The plantar skin is firmly attached to the underlying bones, joints, and tendon sheaths of the heel and forefoot by specialized extensions of the plantar fascia. This function of the plantar fascia is essential for traction between the floor and the foot’s weight-bearing skeletal structures to occur. The heel pad consists of comma-shaped or U-shaped fatfilled columns arrayed vertically. The septae are reinforced internally with elastic transverse and diagonal fibers to produce a spiral honeycomb effect.

Movement

Supination and pronation of the foot

Abduction motion of the foot/ankle can be demonstrated by maintaining the foot flat on the floor in a seated position and sliding the surface of the foot laterally (without moving the tibia/fibula). Abduction/adduction motion of the foot/ankle primarily occurs at the subtalar and midtarsal joints and is quite limited. Second, the terms inversion and eversion represent motion in the coronal plane about an anterior/posterior axis (this motion is termed abduction/adduction elsewhere in the body). Inversion/eversion occurs primarily at the subtalar and midtarsal joints and can be demonstrated by moving the plantar surface of the foot to face medially (inversion) or laterally (eversion). Flexion/extension of the foot is termed dorsiflexion and plantarflexion respectively and occurs around a medial/lateral axis in the sagittal plane. This motion occurs primarily at the talocrural joint.

Major joints of the ankle/foot (talocrural, subtalar, midtarsal) have axes of motion that are oblique to the standard orthogonal axes. Supination and pronation are the appropriate terms to describe motion around the oblique axes of the foot that occur at the talocrural, subtalar, and midtarsal joints. Supination and pronation describe motion around a single axis.

Supination and pronation are therefore often termed triplanar; meaning that supination has components of plantarflexion, adduction, and inversion and that pronation has components of dorsiflexion, abduction, and eversion.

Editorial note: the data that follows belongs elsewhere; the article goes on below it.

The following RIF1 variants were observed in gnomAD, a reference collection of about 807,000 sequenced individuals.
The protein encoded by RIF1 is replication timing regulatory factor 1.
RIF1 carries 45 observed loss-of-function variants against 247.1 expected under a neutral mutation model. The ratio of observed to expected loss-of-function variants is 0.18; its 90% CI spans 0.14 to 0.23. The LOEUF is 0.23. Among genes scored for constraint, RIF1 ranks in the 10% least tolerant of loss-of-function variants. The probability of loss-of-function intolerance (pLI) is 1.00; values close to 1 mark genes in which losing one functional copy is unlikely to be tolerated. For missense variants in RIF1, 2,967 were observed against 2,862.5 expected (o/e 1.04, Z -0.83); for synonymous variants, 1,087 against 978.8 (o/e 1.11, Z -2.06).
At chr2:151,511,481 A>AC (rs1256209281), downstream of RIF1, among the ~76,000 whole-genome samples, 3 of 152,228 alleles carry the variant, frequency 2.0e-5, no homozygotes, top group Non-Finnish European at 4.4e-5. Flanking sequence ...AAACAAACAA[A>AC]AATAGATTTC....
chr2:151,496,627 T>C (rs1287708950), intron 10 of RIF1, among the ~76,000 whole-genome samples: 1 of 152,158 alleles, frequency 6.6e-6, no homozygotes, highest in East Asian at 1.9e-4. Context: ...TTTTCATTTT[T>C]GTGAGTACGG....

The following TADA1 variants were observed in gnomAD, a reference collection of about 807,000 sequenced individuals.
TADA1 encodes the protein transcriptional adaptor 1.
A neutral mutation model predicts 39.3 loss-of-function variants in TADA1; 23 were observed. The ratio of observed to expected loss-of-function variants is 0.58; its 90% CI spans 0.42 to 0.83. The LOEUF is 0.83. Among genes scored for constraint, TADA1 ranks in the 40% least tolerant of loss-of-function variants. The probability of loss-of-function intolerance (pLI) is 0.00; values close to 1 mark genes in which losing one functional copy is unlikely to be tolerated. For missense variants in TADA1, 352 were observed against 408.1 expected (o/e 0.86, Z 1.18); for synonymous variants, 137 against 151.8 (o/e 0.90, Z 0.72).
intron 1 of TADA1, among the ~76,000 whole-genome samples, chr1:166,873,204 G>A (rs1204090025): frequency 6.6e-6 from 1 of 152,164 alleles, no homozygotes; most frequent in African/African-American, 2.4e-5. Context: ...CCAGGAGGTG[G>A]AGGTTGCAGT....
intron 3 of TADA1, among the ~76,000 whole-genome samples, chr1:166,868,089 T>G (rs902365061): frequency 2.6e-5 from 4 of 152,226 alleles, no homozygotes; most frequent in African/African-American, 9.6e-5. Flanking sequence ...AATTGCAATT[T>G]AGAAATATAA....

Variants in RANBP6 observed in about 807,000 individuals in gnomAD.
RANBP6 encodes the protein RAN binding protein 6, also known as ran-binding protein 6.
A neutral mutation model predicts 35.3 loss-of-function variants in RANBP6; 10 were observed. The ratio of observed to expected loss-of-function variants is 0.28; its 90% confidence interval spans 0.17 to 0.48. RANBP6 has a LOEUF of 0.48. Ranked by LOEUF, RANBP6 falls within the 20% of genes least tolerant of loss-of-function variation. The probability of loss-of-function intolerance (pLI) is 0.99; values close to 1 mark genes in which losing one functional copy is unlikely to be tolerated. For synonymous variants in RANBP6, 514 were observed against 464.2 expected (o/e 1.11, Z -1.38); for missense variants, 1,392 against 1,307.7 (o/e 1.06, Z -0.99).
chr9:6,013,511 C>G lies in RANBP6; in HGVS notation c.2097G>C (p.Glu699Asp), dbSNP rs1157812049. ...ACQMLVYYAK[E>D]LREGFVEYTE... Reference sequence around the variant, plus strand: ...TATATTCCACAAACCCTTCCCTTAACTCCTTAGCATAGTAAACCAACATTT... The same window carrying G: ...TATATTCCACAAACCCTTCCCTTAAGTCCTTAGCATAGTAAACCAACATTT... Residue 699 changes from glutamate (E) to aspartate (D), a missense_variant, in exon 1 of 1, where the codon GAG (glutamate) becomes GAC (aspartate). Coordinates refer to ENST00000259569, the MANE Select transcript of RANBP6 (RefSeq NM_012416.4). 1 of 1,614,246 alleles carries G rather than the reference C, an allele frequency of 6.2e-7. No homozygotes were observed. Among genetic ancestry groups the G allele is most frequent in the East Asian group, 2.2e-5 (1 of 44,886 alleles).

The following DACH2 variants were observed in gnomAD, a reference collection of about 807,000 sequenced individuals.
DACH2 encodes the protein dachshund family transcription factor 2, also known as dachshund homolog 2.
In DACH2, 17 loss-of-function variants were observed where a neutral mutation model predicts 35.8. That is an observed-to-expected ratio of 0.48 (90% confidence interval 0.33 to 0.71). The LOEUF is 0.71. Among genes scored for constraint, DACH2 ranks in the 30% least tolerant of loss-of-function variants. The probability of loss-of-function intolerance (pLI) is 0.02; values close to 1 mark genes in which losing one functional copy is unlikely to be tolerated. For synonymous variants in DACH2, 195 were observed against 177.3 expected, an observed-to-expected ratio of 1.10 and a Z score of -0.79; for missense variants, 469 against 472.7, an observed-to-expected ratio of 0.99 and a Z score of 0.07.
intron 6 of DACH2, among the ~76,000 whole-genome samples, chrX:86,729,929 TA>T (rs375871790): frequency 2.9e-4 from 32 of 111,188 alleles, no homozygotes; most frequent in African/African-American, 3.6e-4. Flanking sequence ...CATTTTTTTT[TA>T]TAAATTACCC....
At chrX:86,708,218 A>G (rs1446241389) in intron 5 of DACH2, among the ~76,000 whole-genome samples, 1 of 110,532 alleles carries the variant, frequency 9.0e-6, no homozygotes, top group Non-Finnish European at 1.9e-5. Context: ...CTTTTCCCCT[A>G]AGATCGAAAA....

• Abduction and adduction
    • occur around a vertical axis rather in the transverse plane than anterior-posterior axis. This motion is called internal and external rotation elsewhere in the body.
    • Primarily occurs at the subtalar and midtarsal joints and is limited
  • Inversion and eversion
    • Occur in the coronal plane about an anterior/posterior axis. This motion is called abduction/adduction elsewhere in the body.
    • Primarily occurs at the subtalar and midtarsal joints.
  • Dorsiflexion and plantarflexion
    • Occurs around a medial/lateral axis in the sagittal plane
    • Primarily occurs at the talocrural joint.
  • Pronation and supination
    • Occurs around the oblique axes of the foot, around a single axis, as a component of motion in three planes. Often called triplanar, as the same three components of motion always occur.
    • Pronation: components of dorsiflexion, abduction, and eversion.
    • Supination: components of plantarflexion, adduction, and inversion
    • Occurs at the talocrural, subtalar, and midtarsal joints.
  • Varus and valgus
    • Coronal (frontal) plane angulation towards or away from midline
    • Occurs at the hindfoot and forefoot

Load Distribution

  • The ankle has a large load-bearing surface area of 11 to 13 cm2
  • Lower stresses than in the knee or hip
  • Most load is transmitted through he tibial plafond to the talar dome
  • Remainder transmitted to the medial and lateral talar facets
  • Inversion -> increases medial talar facet load
  • Eversion -> increases medial talar facet load
  • Ankle dorsiflexion -> greatest talar contact and lowest pressure[1]

Kinetics of the Foot

  • Peak vertical forces 120% body weight during walking, and 275% during running
  • Medial column (talus, navicular, cuneiforms, 1-3 metatarsal) -> bears most of load
  • Lateral column (calcaneocuboid joint, 4-5 metatarsals) -> transmits lesser load
  • Standing: greater pressures on the heel. Forefoot peak pressure is under the second metatarsal head.
  • Barefoot walking: centre of pressure initially central heel, then moves rapidly across the midfoot to the forefoot where the velocity decreases.